Keep hope alive

These words are often uttered by one of my friends when there are difficult times and days ahead. This is no less true with the current Covid-19 crisis. People are certainly talking with each other, even during this time of 'Self-isolation,' as if we are not already self isolated in some respects with our daily use of technology.

At present there is much anxiety and fear. This is partly due to people wanting more information and lacking knowledge of the virus, even experts are unclear what is happening and, dare I mention the dreaded word? It is a life and death situation, increasingly so for some. What is not mentioned is that many folks are feeling vulnerable.

As I consider the achievements and accolades of the West including Brexit, a strong push of wanting to go it alone, while continuing global expansion, it strikes me that no matter how great we might think we are, we are deeply vulnerable. Covid-19 is the unexpected leveller.

Some folks were able to brag that the 2008 financial crash did not affect them other than making them wealthier, but thousands lost their homes, or at least felt the devastating sting of the global financial meltdown. None of us though, are immune, or can escape the potential clutches and power of Covid-19. We have seen it already; Celebrities, royalties, politicians and ordinary people alike. In addition, large businesses fear that if the crisis continues, they may no longer be in business, even with government support.

Covid-19 is no respecter of person, class, gender, education, physical ability, the black, white or Asian community, the haves and have nots, or any other category you might wish to include. We all are vulnerable. That is one of the great lessons of life we often forget, especially for us in the wealthy West.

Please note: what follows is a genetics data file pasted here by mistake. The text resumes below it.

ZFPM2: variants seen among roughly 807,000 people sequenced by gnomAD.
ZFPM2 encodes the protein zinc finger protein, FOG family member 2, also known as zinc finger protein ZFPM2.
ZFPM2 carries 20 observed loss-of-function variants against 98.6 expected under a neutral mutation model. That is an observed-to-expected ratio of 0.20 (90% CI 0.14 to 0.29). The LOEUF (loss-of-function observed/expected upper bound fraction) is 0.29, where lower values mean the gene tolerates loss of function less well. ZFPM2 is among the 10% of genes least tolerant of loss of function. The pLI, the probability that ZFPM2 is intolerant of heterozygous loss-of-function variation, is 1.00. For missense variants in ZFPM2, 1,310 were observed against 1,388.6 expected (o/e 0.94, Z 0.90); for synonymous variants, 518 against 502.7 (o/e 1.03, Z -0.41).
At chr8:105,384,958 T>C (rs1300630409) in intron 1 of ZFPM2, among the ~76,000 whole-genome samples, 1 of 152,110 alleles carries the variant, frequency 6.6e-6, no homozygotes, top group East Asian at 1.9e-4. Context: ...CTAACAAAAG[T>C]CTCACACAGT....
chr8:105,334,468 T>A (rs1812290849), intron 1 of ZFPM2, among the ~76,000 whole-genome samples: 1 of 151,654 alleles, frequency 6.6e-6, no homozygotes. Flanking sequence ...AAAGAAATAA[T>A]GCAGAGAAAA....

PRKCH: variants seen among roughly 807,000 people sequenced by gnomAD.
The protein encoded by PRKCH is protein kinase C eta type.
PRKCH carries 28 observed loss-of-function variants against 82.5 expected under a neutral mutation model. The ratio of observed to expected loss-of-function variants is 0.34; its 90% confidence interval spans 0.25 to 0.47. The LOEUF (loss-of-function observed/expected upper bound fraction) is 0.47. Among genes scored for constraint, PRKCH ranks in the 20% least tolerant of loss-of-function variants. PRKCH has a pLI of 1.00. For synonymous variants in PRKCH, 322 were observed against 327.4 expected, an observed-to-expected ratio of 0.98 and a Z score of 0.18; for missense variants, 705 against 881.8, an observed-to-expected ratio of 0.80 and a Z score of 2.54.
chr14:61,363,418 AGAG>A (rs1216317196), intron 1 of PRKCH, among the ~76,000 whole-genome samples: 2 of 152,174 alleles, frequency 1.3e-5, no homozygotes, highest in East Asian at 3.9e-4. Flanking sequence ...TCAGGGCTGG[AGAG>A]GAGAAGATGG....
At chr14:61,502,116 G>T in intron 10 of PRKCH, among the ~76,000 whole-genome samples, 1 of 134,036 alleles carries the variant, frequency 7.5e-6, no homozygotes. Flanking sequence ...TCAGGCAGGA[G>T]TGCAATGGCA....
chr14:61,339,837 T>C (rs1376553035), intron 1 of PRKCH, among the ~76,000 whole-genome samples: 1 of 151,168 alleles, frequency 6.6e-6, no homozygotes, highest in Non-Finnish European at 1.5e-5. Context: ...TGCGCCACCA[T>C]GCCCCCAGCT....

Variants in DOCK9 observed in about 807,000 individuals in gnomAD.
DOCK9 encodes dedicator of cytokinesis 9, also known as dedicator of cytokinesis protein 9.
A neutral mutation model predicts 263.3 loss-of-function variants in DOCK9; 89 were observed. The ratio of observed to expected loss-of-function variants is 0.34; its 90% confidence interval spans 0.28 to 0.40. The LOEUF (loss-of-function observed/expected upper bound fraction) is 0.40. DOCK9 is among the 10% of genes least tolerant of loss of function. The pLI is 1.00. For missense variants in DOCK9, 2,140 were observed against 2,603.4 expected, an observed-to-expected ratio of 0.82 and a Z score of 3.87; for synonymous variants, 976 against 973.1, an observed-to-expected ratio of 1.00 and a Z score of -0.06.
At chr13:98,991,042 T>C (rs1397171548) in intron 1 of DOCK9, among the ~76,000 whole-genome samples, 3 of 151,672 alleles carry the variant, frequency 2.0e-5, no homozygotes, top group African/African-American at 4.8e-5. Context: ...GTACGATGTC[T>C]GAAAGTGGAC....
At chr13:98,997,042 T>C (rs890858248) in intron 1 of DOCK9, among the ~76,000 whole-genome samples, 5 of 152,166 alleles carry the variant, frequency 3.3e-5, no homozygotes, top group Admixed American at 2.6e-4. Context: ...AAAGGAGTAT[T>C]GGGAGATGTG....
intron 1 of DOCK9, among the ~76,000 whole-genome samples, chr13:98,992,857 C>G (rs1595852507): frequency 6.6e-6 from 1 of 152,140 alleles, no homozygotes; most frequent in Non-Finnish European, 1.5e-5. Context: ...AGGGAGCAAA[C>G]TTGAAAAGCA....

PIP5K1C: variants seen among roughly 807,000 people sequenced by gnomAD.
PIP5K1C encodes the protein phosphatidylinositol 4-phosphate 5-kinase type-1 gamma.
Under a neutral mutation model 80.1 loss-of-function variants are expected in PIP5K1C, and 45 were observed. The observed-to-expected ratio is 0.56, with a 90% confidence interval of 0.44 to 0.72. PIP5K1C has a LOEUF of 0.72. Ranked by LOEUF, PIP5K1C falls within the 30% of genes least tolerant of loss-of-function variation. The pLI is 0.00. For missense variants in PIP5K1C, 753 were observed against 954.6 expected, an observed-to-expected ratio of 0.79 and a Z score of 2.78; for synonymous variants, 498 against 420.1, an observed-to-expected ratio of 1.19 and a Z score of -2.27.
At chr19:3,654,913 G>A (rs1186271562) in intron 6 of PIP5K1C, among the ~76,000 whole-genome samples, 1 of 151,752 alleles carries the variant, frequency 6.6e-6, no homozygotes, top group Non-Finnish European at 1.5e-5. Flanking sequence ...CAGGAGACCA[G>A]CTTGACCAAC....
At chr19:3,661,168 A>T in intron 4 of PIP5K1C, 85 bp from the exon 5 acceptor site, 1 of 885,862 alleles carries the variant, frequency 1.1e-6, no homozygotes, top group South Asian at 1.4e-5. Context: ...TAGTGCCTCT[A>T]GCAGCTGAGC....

What are we to do? Well, worrying, while a natural human response will not solve anything. We need to know what is happening and we need to be informed, but watching too much of the live human drama, the loss of life and so forth, can lead us down the road of despair, so balance is required.

Vulnerability often causes us to withdraw within ourselves, and from each other, but there is a flip side. There is strength in vulnerability as it can lead us to reach out to others in need because we recognise we are not as independent, or are in control of our lives as we confidently, and at times, arrogantly, think we are.

Pop-up communities are surfacing in helping those not as fortunate as others. Joining such a group may help us deal with our feelings of vulnerability. I begin each day with my first breath on awaking giving God thanks for the start of another day. For those reading this who do not do God, one can still begin the day with your first conscious breath in gratitude and thankfulness for what you have.

Focusing too much on distressing things can cause us difficulties, but being distracted can be helpful. Psychologists have something to say about this. Psychologist, Nir Eyal in, 'When Distraction is a Good Thing,' argues that, "Distractions can help us cope with the pains of everyday life." Another writer, before any modern psychologist, wrote the following:

Finally, brethren, whatever things are true, whatever things are noble, whatever things are just, whatever things are pure, whatever things are lovely, whatever things are of good report, if there is any virtue and if there is anything praiseworthy—meditate on these things. Philippians 4: 8.

It is not about a denial of the facts, but it is a way of ensuring we remain in hope and peace, while we live through this crisis. We will get through this with good science, common sense, living hope, faith, communal support and prayers.

Let us keep hope alive

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